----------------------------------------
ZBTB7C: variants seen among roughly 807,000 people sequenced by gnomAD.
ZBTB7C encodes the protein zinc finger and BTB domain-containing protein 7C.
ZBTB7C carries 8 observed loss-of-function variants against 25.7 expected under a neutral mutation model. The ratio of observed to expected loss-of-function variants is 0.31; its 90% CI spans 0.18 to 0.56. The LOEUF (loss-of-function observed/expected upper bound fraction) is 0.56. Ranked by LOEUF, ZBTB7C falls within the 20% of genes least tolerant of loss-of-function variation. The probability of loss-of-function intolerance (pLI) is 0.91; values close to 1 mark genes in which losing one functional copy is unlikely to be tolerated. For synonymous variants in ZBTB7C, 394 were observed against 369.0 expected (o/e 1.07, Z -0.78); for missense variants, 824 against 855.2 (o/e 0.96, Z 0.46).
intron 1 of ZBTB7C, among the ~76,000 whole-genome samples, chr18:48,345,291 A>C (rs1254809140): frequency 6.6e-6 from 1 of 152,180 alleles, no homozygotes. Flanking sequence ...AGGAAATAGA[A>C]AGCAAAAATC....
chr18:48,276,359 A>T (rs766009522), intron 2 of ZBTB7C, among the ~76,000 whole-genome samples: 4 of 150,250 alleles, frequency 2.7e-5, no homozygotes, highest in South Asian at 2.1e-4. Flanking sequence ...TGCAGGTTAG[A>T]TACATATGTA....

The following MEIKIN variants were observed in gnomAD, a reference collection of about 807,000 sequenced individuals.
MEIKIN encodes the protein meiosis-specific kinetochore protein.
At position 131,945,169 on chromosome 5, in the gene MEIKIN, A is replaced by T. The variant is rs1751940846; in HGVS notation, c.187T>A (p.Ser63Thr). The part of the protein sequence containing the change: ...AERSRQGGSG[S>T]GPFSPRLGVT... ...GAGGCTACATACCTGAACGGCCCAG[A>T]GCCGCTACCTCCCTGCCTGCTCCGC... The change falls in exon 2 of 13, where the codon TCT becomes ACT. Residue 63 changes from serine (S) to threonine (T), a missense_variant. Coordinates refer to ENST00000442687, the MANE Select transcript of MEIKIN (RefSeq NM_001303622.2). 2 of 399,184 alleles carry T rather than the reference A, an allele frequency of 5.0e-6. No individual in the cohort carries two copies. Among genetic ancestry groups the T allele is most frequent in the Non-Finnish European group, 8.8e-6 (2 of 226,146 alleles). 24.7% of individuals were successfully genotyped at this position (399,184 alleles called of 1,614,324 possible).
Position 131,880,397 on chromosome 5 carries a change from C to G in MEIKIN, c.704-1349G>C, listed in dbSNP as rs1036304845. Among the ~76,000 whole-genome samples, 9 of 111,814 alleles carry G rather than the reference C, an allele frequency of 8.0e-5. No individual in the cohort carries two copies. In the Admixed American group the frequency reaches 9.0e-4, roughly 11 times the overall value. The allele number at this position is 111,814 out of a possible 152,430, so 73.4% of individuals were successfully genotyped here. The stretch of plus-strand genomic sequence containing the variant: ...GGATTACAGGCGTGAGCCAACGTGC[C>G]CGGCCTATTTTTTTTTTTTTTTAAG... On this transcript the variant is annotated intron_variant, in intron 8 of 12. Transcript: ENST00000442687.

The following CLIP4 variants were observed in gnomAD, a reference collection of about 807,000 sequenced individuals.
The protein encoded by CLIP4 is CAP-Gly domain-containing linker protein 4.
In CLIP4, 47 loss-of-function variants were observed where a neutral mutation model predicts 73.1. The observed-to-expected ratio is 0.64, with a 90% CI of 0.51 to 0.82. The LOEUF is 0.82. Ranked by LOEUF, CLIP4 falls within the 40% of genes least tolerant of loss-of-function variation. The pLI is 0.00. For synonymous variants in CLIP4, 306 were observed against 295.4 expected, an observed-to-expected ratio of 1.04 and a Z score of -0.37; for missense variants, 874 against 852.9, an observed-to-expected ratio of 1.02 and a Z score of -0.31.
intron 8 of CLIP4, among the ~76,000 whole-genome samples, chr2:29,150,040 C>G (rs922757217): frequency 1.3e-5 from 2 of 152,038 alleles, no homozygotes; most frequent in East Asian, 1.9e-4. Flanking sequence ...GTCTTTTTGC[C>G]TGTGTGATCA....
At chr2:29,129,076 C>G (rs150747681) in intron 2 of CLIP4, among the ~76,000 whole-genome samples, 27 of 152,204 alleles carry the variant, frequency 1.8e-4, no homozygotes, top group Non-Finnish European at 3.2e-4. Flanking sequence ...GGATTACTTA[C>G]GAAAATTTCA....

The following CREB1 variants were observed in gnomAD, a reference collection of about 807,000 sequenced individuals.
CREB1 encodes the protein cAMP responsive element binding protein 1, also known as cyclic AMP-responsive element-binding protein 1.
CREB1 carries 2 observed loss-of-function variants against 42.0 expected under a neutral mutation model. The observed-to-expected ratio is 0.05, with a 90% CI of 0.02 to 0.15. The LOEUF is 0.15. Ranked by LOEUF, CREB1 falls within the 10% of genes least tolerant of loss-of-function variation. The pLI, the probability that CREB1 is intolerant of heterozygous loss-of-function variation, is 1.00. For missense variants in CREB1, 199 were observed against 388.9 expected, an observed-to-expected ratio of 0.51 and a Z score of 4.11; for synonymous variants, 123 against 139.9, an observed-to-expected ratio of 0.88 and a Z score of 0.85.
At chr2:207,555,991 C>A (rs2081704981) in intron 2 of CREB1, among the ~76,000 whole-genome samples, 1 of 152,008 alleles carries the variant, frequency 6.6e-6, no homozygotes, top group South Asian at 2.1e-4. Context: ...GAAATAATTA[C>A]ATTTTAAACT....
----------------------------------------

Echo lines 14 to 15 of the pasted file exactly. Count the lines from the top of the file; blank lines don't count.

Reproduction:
At chr2:29,129,076 C>G (rs150747681) in intron 2 of CLIP4, among the ~76,000 whole-genome samples, 27 of 152,204 alleles carry the variant, frequency 1.8e-4, no homozygotes, top group Non-Finnish European at 3.2e-4. Flanking sequence ...GGATTACTTA[C>G]GAAAATTTCA....

The following CREB1 variants were observed in gnomAD, a reference collection of about 807,000 sequenced individuals.